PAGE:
Intel has explained how it struggled to bring 10-nanometer processors to market, while also admitting that we won’t see its 7nm chips until 2021.
Meanwhile, its competitor AMD has recently released 7nm chips (such as the AMD Ryzen 9 3900X).
The revelations come from Intel CEO Bob Swan, who said at Fortune’s Brainstorm Tech conference in Aspen, Colorado, that Intel’s goal to have a 2.7x transistor density improvement in its 10nm chips compared to current 14nm chips was too ambitious.
“At a time when it gets harder and harder, we set a more aggressive goal. From that it just took us longer,” Swan said.
Because of this, Intel has been slow to move on from 14nm. This has led many people to suggest that – for Intel at least – Moore’s Law is dead.
Moore is less
Moore’s Law, which is named after Intel co-founder and former CEO Gordon Moore, states that transistor density in computer chips doubles every two years. It’s been a driving principle behind Intel’s processor strategy, and many people credit it with the fast pace of technological advancements we’ve seen in the past.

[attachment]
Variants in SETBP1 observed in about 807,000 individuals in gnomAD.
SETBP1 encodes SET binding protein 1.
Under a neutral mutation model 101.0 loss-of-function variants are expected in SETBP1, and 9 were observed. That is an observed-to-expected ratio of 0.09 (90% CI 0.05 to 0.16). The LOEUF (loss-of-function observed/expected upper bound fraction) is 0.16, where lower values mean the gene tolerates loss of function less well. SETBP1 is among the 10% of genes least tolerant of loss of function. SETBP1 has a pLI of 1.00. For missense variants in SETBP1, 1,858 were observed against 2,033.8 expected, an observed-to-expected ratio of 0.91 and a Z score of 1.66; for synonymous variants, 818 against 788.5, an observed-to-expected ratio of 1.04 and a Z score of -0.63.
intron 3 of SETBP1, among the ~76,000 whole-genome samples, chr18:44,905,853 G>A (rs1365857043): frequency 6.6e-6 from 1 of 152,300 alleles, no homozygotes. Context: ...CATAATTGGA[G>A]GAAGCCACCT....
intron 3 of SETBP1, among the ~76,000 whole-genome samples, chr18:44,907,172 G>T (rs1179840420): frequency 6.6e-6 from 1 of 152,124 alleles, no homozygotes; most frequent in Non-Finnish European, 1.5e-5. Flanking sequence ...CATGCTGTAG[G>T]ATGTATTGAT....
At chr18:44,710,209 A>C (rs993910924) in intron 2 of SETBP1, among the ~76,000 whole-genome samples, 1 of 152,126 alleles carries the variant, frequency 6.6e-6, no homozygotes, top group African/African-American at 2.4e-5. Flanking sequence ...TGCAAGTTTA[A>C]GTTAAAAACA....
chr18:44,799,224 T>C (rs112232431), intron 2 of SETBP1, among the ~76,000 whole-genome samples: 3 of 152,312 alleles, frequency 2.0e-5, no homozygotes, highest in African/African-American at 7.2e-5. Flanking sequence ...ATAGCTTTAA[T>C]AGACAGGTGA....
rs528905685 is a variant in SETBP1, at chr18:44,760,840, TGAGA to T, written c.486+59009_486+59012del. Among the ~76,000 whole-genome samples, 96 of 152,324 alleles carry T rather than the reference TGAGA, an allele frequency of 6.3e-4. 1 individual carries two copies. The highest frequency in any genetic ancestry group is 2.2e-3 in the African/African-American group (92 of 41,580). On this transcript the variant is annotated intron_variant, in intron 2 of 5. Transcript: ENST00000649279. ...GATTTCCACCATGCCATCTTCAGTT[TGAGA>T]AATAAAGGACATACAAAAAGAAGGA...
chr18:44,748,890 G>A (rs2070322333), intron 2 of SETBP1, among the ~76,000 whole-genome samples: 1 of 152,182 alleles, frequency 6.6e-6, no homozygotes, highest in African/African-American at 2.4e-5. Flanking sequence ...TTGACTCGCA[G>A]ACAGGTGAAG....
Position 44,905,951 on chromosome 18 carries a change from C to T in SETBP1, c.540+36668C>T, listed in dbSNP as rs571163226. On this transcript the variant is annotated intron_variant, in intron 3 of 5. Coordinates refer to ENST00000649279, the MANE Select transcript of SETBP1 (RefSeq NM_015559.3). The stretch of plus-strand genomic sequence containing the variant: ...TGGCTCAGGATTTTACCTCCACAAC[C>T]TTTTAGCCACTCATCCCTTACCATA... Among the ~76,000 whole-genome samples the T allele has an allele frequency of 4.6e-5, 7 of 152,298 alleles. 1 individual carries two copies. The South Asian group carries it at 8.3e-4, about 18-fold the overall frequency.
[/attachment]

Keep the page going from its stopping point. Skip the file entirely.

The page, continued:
Because of Intel’s delays with 10nm, it has fallen behind this schedule. However, with 10nm out this year and 7nm out by 2021, Intel is hoping it can catch up with Moore’s Law.
Swan admits that the 2.7x scaling for 10nm was both too ambitious and too complicated. He also explains how Intel made an error when it “prioritized performance at a time when predictability was really important”.
However, as Swan notes, “The short story is we learned from it, we’ll get our 10nm node out this year. Our 7nm node will be out in two years and it will be a 2.0X scaling so back to the historical Moore’s Law curve.”
You can watch a recording of Swan’s appearance on Fortune’s website.
So it looks like we’ll finally see 10nm chips from Intel this year, while 7nm will have to wait until 2021. That’s a long time considering both AMD and Qualcomm have 7nm chips out right now. But will Intel be happy with ceding any performance advantage 7nm brings to its two biggest competitors for that long?